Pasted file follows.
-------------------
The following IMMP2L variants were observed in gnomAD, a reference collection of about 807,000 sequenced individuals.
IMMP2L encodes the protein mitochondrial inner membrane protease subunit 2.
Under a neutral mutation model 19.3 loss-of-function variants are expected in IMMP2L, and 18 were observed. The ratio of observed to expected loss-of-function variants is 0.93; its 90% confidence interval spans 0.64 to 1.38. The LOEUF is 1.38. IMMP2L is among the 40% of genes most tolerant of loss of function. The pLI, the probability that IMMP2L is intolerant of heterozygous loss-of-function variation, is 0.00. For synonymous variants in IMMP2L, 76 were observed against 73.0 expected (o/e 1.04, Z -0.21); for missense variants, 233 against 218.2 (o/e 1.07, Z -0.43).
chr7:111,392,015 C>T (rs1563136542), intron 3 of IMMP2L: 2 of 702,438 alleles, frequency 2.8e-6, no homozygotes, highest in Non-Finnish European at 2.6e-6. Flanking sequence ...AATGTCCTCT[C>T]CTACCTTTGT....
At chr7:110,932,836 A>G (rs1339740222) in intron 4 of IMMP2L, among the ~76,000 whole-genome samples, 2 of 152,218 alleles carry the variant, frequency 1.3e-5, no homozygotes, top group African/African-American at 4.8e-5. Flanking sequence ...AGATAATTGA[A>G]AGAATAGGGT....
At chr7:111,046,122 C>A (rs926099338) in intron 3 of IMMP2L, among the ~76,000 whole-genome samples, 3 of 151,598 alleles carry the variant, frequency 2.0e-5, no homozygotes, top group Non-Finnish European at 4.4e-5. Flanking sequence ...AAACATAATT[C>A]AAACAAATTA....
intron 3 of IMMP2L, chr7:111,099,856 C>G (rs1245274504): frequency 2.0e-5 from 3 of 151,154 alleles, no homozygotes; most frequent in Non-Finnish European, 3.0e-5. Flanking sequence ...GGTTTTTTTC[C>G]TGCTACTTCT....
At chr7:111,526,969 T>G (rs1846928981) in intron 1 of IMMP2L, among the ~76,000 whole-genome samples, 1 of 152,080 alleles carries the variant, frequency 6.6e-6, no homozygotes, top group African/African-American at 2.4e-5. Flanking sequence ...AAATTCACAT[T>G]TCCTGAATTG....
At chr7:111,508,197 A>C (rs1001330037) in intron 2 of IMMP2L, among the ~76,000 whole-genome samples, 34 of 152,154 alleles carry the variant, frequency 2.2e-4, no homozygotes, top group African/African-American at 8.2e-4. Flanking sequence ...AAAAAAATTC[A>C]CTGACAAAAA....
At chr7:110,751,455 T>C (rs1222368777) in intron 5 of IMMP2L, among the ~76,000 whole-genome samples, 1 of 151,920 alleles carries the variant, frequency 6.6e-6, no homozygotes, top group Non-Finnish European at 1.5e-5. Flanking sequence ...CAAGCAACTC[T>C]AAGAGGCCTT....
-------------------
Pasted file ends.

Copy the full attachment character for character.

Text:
The following IMMP2L variants were observed in gnomAD, a reference collection of about 807,000 sequenced individuals.
IMMP2L encodes the protein mitochondrial inner membrane protease subunit 2.
Under a neutral mutation model 19.3 loss-of-function variants are expected in IMMP2L, and 18 were observed. The ratio of observed to expected loss-of-function variants is 0.93; its 90% confidence interval spans 0.64 to 1.38. The LOEUF is 1.38. IMMP2L is among the 40% of genes most tolerant of loss of function. The pLI, the probability that IMMP2L is intolerant of heterozygous loss-of-function variation, is 0.00. For synonymous variants in IMMP2L, 76 were observed against 73.0 expected (o/e 1.04, Z -0.21); for missense variants, 233 against 218.2 (o/e 1.07, Z -0.43).
chr7:111,392,015 C>T (rs1563136542), intron 3 of IMMP2L: 2 of 702,438 alleles, frequency 2.8e-6, no homozygotes, highest in Non-Finnish European at 2.6e-6. Flanking sequence ...AATGTCCTCT[C>T]CTACCTTTGT....
At chr7:110,932,836 A>G (rs1339740222) in intron 4 of IMMP2L, among the ~76,000 whole-genome samples, 2 of 152,218 alleles carry the variant, frequency 1.3e-5, no homozygotes, top group African/African-American at 4.8e-5. Flanking sequence ...AGATAATTGA[A>G]AGAATAGGGT....
At chr7:111,046,122 C>A (rs926099338) in intron 3 of IMMP2L, among the ~76,000 whole-genome samples, 3 of 151,598 alleles carry the variant, frequency 2.0e-5, no homozygotes, top group Non-Finnish European at 4.4e-5. Flanking sequence ...AAACATAATT[C>A]AAACAAATTA....
intron 3 of IMMP2L, chr7:111,099,856 C>G (rs1245274504): frequency 2.0e-5 from 3 of 151,154 alleles, no homozygotes; most frequent in Non-Finnish European, 3.0e-5. Flanking sequence ...GGTTTTTTTC[C>G]TGCTACTTCT....
At chr7:111,526,969 T>G (rs1846928981) in intron 1 of IMMP2L, among the ~76,000 whole-genome samples, 1 of 152,080 alleles carries the variant, frequency 6.6e-6, no homozygotes, top group African/African-American at 2.4e-5. Flanking sequence ...AAATTCACAT[T>G]TCCTGAATTG....
At chr7:111,508,197 A>C (rs1001330037) in intron 2 of IMMP2L, among the ~76,000 whole-genome samples, 34 of 152,154 alleles carry the variant, frequency 2.2e-4, no homozygotes, top group African/African-American at 8.2e-4. Flanking sequence ...AAAAAAATTC[A>C]CTGACAAAAA....
At chr7:110,751,455 T>C (rs1222368777) in intron 5 of IMMP2L, among the ~76,000 whole-genome samples, 1 of 151,920 alleles carries the variant, frequency 6.6e-6, no homozygotes, top group Non-Finnish European at 1.5e-5. Flanking sequence ...CAAGCAACTC[T>C]AAGAGGCCTT....